Winning ideas from the RSA’s 2021-22 Student Design Awards
The winners of the 98th cycle of the RSA Student Design Awards (SDA) are shifting their understanding of who design is for by prioritising inclusive design solutions.
‘PATH: A travel aid for the visually impaired’ was submitted by designers Che Antoine, Safa Ikheria and Zahra Mandviwala of Loughborough University. The device is part phone accessory, part application, and aims to support users to access transit networks with greater independence. It does this by identifying the correct bus through Bluetooth and near-field communication technology, detecting an empty seat on the bus via thermal imaging and alerting the user upon arrival at their destination through vibrations.
The winners responded to ‘Active Journeys’ (one of the SDA’s nine briefs this year), which was developed in partnership with HS2 and focused on making multi-modal travel accessible and inclusive to improve the experience for all. The highly commended entry, ‘Wheelable’, submitted by a multi-university team from the US, is a navigational application that offers people with mobility issues ideal local travel routes and crowdsources live feedback on the terrain.
This year’s Active Journeys brief continued the RSA’s legacy of challenging students to think deeply about the users for whom they are designing. The disability community asserts that people are disabled not by their difference or impairment but by barriers created in society. Inclusive design aims to tackle this problem. Previous SDA briefs have focused on breaking down the physical, organisational or attitudinal barriers that people with disabilities or impairments can face to enable them to live their lives to the full. This year, judges were impressed not only by the solutions themselves, but by the way that students considered a variety of needs and difference. Doug Paulley, a disability activist and judge on the panel, said, “The quality of the winning and commended entries was truly outstanding. It is great to know that there are such allies of disabled people in the up-and-coming design community.”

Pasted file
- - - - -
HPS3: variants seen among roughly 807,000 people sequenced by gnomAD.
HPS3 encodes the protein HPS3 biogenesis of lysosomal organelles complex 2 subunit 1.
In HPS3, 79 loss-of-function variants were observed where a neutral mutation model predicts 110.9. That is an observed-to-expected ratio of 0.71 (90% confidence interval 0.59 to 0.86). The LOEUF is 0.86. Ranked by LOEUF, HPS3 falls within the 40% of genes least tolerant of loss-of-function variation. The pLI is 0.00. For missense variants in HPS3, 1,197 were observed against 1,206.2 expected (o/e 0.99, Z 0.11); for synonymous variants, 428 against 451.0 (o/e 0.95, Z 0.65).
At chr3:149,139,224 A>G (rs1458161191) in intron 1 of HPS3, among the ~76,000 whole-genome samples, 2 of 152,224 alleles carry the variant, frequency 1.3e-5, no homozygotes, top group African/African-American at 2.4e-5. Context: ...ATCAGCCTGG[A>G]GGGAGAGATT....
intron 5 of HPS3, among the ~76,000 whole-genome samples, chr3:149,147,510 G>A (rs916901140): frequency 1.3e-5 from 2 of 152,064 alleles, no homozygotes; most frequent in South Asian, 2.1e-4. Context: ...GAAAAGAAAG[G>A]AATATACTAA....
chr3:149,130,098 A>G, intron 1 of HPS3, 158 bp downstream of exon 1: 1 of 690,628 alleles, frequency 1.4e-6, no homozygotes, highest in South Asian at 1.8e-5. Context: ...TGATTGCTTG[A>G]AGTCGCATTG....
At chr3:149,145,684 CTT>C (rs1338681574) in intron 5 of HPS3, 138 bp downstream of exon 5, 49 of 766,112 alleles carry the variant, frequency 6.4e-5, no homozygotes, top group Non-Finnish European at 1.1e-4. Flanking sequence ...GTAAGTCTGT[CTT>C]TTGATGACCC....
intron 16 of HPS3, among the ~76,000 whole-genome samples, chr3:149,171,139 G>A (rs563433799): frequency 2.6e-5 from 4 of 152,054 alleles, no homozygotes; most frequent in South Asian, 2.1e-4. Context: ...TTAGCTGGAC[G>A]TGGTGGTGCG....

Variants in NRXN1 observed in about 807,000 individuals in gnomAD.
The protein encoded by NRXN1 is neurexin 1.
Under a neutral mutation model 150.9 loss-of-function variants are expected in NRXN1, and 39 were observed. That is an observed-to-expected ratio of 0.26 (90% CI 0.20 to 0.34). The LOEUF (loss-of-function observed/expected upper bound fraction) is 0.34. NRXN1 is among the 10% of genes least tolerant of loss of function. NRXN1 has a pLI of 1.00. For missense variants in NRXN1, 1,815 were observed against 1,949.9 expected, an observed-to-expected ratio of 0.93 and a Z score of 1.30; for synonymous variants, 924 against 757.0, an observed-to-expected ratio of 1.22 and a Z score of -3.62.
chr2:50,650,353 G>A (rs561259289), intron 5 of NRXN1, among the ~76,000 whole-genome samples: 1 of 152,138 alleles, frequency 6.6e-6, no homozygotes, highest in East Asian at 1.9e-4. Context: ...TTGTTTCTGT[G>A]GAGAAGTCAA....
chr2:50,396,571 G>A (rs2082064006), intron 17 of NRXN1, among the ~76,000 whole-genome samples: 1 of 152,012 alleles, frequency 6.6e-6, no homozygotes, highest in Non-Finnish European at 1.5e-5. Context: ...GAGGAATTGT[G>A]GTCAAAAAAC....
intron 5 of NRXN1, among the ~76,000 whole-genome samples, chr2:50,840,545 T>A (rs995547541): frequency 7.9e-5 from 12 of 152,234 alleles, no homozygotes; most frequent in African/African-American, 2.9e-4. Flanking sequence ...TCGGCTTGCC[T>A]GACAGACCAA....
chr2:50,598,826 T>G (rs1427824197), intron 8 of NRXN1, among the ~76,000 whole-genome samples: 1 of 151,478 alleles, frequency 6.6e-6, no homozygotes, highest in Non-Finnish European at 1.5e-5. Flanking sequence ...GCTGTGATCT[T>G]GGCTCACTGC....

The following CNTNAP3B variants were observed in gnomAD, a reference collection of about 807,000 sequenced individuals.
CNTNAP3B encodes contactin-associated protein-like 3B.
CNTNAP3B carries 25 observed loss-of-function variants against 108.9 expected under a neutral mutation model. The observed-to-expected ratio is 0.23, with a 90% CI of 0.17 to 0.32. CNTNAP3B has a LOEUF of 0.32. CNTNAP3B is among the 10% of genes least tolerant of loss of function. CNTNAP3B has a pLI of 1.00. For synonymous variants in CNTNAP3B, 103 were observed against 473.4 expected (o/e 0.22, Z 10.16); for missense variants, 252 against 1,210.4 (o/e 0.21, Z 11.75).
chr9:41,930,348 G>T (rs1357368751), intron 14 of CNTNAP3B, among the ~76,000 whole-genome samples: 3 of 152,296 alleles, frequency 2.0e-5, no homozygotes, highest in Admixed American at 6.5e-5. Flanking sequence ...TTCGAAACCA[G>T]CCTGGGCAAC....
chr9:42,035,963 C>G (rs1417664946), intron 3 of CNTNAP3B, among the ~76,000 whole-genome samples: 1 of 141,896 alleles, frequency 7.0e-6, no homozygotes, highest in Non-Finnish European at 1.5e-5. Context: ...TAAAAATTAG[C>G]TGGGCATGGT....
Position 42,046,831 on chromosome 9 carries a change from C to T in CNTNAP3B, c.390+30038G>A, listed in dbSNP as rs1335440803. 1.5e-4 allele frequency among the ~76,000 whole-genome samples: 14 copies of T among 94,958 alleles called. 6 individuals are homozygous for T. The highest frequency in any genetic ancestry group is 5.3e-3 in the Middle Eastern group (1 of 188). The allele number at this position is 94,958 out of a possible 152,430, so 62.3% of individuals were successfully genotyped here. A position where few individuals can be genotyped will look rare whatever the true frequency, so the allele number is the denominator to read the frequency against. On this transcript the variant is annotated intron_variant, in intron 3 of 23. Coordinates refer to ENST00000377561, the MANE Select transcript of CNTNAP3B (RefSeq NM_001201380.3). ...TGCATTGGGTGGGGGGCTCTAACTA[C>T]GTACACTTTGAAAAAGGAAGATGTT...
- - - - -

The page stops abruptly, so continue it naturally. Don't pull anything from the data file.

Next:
SDA participants also proposed a range of inclusive design solutions for other briefs. This included the winning entry for the ‘Press Play’ brief developed with the LEGO Group. Sophie Hague of Sheffield Hallam University focused on the needs of deaf children, informed by her research showing that 90% of deaf children in the UK are born to hearing parents who may have little experience of how the deaf community communicates. Her application, ‘Look!’, supports British Sign Language learning for deaf children through outdoor exploratory play, making this process easier and fun.
Students also submitted solutions to support all families, carers and communities to play and learn more creatively at home. Seeing inclusive design woven throughout submissions is a signal that the SDAs and the students who participate are continuing to widen the lens when it comes to design and building a more inclusive world as a result.
The competition could not happen without the support of RSA Fellows on SDA judging panels and in workshops and brief development.
Jillian Linton is a Delivery Manager at the RSA interested in building a more just world
This article first appeared in the RSA Journal Issue 3 2022.
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